Edward R. Murrow

25 Apr 1908
27 Apr 1965
Journalist
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Edward R. Murrow KBE (born Egbert Roscoe Murrow( April 25, 1908 – April 27, 1965) was an American broadcast journalist. He was generally referred to as Ed Murrow. He first came to prominence with a series of radio broadcasts for the news division of the Columbia Broadcasting System during World War II, which were followed by millions of listeners in the United States. During the war he assembled a team of foreign correspondents who came to be known as the Murrow Boys.

A pioneer of television news broadcasting, Murrow produced a series of reports that helped lead to the censure of Senator Joseph McCarthy. Fellow journalists Eric Sevareid, Ed Bliss, Bill Downs, Dan Rather, and Alexander Kendrick consider Murrow one of journalism’s greatest figures, noting his honesty and integrity in delivering the news.

Murrow was born Egbert Roscoe Murrow at Polecat Creek, near Greensboro,in Guilford County, North Carolina, the son of Roscoe Conklin Murrow and Ethel F. When Murrow was six years old, his family moved across the country to Skagit County in western Washington, to homestead near Blanchard, 30 miles (50 km) south of the Canada–US border. He attended high school in nearby Edison.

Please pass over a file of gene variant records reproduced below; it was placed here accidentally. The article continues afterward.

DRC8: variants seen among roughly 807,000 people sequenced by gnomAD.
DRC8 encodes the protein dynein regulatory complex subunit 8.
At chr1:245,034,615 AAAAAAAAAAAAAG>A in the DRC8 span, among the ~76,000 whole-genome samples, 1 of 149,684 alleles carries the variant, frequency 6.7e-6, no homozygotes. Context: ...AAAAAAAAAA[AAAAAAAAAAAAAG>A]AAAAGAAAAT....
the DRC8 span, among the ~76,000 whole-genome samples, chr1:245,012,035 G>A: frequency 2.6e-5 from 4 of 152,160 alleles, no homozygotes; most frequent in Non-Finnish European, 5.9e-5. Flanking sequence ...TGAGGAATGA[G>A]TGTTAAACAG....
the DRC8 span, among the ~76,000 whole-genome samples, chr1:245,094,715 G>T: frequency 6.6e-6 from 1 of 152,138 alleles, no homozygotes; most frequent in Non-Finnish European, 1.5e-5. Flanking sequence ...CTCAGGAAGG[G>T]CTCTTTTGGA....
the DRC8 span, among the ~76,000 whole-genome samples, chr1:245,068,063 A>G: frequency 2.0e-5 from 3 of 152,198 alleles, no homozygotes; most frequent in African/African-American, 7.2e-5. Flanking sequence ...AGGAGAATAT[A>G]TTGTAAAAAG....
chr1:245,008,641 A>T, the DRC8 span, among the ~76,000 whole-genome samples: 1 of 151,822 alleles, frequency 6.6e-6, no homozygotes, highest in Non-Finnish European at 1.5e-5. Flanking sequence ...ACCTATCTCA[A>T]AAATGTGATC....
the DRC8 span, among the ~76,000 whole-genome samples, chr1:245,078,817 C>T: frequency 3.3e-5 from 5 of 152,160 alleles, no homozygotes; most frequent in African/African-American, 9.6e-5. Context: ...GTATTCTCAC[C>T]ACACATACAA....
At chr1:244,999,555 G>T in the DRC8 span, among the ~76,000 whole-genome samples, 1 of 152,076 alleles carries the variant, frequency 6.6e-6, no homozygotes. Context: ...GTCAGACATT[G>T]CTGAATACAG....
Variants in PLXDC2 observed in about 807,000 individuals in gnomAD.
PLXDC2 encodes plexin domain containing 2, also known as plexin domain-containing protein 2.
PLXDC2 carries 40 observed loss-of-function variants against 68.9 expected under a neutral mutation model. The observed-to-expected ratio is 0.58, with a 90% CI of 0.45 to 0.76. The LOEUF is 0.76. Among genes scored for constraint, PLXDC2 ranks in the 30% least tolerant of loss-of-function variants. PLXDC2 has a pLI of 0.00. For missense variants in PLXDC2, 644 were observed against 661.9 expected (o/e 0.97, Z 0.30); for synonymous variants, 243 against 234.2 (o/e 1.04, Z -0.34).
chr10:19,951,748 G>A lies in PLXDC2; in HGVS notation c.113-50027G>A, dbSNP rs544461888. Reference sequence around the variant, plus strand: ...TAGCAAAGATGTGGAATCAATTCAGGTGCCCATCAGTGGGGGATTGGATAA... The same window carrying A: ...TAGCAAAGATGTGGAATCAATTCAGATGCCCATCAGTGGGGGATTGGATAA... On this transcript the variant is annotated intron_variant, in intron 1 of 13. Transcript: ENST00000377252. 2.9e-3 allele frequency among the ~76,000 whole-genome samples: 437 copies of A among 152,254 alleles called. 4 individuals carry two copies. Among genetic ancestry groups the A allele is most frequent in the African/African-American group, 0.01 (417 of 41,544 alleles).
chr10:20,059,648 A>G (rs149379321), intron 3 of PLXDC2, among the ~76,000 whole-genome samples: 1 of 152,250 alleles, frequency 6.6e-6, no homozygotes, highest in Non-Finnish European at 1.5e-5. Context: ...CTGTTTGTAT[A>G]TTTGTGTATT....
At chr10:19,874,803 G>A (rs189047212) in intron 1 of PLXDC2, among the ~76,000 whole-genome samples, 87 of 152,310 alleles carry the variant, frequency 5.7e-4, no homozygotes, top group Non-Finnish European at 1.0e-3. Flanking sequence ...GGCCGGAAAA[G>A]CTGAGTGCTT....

After graduation from high school in 1926, Murrow enrolled at Washington State College (now Washington State University) across the state in Pullman, and eventually majored in speech.Murrow went by the nickname “Ed” and during his second year of college, he changed his name from Egbert to Edward. In 1929, while attending the annual convention of the National Student Federation of America, Murrow gave a speech urging college students to become more interested in national and world affairs; this led to his election as president of the federation.

Murrow joined CBS as director of talks and education in 1935 and remained with the network for his entire career.[2] CBS did not have news staff when Murrow joined, save for announcer Bob Trout.

Murrow gained his first glimpse of fame during the March 1938 Anschluss, in which Adolf Hitler engineered the annexation of Austria by Nazi Germany. While Murrow was in Poland arranging a broadcast of children’s choruses, he got word from Shirer of the annexation—and the fact that Shirer could not get the story out through Austrian state radio facilities.

Murrow’s reports, especially during the Blitz, began with what became his signature opening, “This is London,” delivered with his vocal emphasis on the word this, followed by the hint of a pause before the rest of the phrase. His former speech teacher, Ida Lou Anderson, suggested the opening as a more concise alternative to the one he had inherited from his predecessor at CBS Europe, Cesar Saerchinger: “Hello America. This is London calling.” Murrow’s phrase became synonymous with the newscaster and his network.